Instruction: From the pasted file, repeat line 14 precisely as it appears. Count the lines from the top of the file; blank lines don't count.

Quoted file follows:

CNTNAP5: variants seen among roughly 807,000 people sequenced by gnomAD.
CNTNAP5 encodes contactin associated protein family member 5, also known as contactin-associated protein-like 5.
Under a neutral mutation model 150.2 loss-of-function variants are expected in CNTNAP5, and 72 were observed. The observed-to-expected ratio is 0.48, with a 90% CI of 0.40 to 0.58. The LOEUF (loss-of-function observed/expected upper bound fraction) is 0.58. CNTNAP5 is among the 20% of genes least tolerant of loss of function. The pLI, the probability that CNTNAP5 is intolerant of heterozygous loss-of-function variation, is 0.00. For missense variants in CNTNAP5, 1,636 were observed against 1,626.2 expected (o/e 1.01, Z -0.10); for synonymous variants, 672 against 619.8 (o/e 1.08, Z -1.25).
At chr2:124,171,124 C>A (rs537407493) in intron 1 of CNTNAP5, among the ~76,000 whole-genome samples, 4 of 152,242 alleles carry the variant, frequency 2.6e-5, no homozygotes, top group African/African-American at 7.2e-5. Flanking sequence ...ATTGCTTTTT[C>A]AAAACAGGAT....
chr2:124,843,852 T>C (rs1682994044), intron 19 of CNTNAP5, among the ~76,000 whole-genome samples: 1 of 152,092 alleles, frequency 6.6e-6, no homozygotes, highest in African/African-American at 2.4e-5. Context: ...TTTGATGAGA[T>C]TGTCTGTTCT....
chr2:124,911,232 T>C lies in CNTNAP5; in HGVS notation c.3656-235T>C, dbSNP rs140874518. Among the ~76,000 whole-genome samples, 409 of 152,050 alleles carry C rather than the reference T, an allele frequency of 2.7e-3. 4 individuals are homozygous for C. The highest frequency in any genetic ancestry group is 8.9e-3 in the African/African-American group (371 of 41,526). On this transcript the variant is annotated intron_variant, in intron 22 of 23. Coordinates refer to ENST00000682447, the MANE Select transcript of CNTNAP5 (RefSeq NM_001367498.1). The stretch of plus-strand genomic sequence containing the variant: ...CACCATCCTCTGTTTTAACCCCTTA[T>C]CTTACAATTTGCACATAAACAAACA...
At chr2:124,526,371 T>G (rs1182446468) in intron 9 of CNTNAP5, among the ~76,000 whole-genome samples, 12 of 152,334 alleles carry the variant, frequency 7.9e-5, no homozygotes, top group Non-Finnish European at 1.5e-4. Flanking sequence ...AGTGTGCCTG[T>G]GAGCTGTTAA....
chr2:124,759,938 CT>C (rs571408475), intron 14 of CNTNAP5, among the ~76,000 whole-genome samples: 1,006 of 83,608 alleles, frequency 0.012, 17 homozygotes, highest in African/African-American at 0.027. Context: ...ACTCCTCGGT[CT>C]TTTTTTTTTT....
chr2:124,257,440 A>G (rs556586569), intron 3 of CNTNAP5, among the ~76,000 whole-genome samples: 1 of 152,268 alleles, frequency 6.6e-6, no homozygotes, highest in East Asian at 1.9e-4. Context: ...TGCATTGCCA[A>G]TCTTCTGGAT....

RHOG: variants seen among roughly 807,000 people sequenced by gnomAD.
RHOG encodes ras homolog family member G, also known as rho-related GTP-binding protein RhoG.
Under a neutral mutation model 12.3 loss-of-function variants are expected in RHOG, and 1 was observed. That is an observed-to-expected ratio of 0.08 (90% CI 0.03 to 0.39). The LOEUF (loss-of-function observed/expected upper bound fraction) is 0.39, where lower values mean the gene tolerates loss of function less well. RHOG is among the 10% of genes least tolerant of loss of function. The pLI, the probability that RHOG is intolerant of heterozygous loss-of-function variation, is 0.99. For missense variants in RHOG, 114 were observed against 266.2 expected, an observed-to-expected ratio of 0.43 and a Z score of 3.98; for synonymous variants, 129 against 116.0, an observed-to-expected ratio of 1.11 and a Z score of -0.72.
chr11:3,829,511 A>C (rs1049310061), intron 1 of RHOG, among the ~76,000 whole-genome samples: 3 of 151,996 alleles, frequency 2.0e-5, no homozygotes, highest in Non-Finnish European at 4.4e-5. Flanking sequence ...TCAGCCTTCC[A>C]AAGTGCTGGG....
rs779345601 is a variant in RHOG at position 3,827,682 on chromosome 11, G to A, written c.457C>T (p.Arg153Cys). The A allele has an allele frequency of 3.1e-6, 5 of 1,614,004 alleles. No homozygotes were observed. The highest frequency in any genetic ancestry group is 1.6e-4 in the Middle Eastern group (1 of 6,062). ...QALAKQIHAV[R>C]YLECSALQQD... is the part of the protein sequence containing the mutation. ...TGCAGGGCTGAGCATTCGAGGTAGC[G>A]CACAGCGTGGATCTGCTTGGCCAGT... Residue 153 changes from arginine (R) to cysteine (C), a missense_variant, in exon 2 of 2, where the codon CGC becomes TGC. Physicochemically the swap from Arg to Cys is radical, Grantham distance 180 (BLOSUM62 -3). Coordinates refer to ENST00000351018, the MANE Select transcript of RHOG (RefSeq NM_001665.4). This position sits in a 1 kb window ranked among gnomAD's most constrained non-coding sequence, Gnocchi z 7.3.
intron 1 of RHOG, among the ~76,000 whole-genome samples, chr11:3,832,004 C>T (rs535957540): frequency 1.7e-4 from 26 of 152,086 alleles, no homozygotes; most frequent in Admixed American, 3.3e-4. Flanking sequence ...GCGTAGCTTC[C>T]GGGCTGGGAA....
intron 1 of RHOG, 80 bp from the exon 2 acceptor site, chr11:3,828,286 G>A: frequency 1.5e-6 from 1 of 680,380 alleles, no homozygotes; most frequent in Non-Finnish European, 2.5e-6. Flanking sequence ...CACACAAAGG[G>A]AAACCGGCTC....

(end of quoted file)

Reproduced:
rs779345601 is a variant in RHOG at position 3,827,682 on chromosome 11, G to A, written c.457C>T (p.Arg153Cys). The A allele has an allele frequency of 3.1e-6, 5 of 1,614,004 alleles. No homozygotes were observed. The highest frequency in any genetic ancestry group is 1.6e-4 in the Middle Eastern group (1 of 6,062). ...QALAKQIHAV[R>C]YLECSALQQD... is the part of the protein sequence containing the mutation. ...TGCAGGGCTGAGCATTCGAGGTAGC[G>A]CACAGCGTGGATCTGCTTGGCCAGT... Residue 153 changes from arginine (R) to cysteine (C), a missense_variant, in exon 2 of 2, where the codon CGC becomes TGC. Physicochemically the swap from Arg to Cys is radical, Grantham distance 180 (BLOSUM62 -3). Coordinates refer to ENST00000351018, the MANE Select transcript of RHOG (RefSeq NM_001665.4). This position sits in a 1 kb window ranked among gnomAD's most constrained non-coding sequence, Gnocchi z 7.3.